Tom Cronin & Bob Loevy

Colorado voters do not seem to be aware of what has happened to them. The Colorado state legislature redistricting committee has adopted redistricting plans that appear to guarantee Democratic Party majorities in both houses of the state legislature for the entire upcoming decade of the 2020s.

It will not matter if the state’s voters start casting their ballots mainly for Republicans. The district lines have been drawn so that the Democrats will almost always have a majority in the Colorado state Senate and the state House of Representatives in Denver.

This process is called gerrymandering. It is the drawing of legislative district lines in such a way that one political party always wins the seat, no matter how the statewide electorate may be voting.

Ironically, when the state’s voters adopted the current redistricting process in the 2018 general election, they were told the new process would end gerrymandering, not emphasize it.

The legislative redistricting plan has gone to the Colorado state Supreme Court for final approval. The court is currently holding hearings on the fairness of the redistricting. Our hope is that the Supreme Court judges will reject the gerrymandered plans for the state Senate and state House and send them back to the commission with encouragement to create more “competitive districts.”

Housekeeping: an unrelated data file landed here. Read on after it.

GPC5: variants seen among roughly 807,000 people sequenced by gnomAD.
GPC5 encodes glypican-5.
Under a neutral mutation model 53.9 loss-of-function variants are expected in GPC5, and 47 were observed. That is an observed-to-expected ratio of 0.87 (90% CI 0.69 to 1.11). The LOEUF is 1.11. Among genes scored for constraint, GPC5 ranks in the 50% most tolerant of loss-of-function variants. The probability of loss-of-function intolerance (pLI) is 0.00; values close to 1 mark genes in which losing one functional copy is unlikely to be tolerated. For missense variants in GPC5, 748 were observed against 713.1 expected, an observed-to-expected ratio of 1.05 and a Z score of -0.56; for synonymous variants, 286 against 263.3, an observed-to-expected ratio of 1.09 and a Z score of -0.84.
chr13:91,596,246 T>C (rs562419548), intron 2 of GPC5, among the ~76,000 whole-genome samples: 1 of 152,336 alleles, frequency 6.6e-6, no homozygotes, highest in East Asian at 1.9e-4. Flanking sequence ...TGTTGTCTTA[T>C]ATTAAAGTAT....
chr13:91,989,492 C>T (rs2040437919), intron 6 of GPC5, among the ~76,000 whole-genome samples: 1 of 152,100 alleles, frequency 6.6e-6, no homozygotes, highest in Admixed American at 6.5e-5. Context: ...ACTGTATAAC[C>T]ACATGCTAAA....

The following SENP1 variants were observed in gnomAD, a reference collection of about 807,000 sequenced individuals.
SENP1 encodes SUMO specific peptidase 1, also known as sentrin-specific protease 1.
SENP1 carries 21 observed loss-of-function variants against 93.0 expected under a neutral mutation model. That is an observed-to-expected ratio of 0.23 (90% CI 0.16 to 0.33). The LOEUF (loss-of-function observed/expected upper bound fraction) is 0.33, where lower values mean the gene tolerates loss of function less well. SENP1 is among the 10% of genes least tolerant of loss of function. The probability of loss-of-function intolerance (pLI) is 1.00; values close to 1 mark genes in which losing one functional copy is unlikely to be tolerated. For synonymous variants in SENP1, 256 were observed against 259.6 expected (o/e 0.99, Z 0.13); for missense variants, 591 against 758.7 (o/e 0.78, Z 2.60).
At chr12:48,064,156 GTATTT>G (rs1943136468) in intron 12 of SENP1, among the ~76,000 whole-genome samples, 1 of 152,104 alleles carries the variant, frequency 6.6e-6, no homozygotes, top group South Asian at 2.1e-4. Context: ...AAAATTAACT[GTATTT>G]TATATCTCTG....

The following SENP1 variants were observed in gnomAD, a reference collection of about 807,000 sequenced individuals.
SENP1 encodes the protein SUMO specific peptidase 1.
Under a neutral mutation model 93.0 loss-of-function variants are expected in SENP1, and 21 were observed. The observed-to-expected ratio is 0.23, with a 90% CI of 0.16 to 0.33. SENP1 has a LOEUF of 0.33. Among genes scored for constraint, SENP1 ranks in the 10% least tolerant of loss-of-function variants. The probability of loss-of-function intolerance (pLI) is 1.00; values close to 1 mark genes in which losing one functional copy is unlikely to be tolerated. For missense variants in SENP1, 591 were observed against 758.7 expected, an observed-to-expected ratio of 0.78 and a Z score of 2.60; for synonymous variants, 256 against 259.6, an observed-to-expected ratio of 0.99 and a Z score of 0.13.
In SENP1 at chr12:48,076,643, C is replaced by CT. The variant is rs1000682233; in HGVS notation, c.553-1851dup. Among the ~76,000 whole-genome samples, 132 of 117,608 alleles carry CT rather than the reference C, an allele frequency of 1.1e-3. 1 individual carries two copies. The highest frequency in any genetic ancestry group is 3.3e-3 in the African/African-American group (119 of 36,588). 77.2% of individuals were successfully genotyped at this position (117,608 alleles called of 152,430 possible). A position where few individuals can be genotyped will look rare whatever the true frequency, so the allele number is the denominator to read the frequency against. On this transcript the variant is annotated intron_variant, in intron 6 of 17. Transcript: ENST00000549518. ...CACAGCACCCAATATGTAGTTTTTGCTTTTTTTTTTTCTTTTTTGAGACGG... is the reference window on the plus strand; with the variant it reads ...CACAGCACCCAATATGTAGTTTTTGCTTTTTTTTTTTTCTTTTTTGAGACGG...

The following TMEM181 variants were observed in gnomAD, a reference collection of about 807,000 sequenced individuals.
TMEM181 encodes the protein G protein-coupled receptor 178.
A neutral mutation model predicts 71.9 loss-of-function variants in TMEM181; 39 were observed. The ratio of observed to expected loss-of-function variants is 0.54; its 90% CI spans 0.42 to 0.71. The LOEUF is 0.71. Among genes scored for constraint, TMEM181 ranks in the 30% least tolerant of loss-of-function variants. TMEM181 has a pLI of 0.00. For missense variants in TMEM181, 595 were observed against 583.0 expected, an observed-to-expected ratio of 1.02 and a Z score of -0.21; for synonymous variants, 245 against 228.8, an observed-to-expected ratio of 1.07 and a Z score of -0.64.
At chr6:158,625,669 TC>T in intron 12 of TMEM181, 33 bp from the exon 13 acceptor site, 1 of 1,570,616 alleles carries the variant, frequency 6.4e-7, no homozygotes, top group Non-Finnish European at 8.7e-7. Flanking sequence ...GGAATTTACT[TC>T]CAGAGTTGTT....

A competitive district is one in which either political party, the Democratic or the Republican, can win the seat in the general election. Competitive seats contrast with safe-Democratic seats, where only the Democratic candidate can be elected, or a safe-Republican seat, where the Republican is always the winner.

Look first at the state Senate. It is the upper house of the state legislature and Colorado’s equivalent of the U.S. Senate in Washington, D.C. According to the professional staff working for the state legislature redistricting committee, under the new redistricting plan the 35 state Senate seats can be characterized this way:

Safe-Democratic – 15

Lean-Democratic – 3

Safe-Republican – 9

Competitive – 8

Need for majority – 18

To have a majority in the state Senate, a party needs to win 18 or more seats. Note that the Democrats have 15 safe seats, only three short of majority. All the Democrats need to do is win the 3 Lean-Democratic seats and they are in control in the state Senate of Colorado.

But look at the daunting situation facing the Republicans. To gain a majority of 18 in the state Senate, they need to win the 9 safe-Republican seats, all 8 of the Competitive seats, and 1 of the Lean-Democratic seats. There would have to be a huge surge of Republican votes in Colorado for that to happen.

The same Democratic bias in the redistricting occurred in the state House of Representatives, the lower house of the Colorado legislature:

Safe-Democratic – 30

Lean-Democratic – 6

Safe-Republican – 19

Lean-Republican – 1

Competitive – 9

Need for majority – 33

Just as in the state Senate, the redistricting of the state House will make it very easy for the Democratic Party to win the 33 seats needed to take control. With 30 Safe-Democratic seats, only 3 out of 6 Lean-Democratic seats are needed to create a Democratic majority.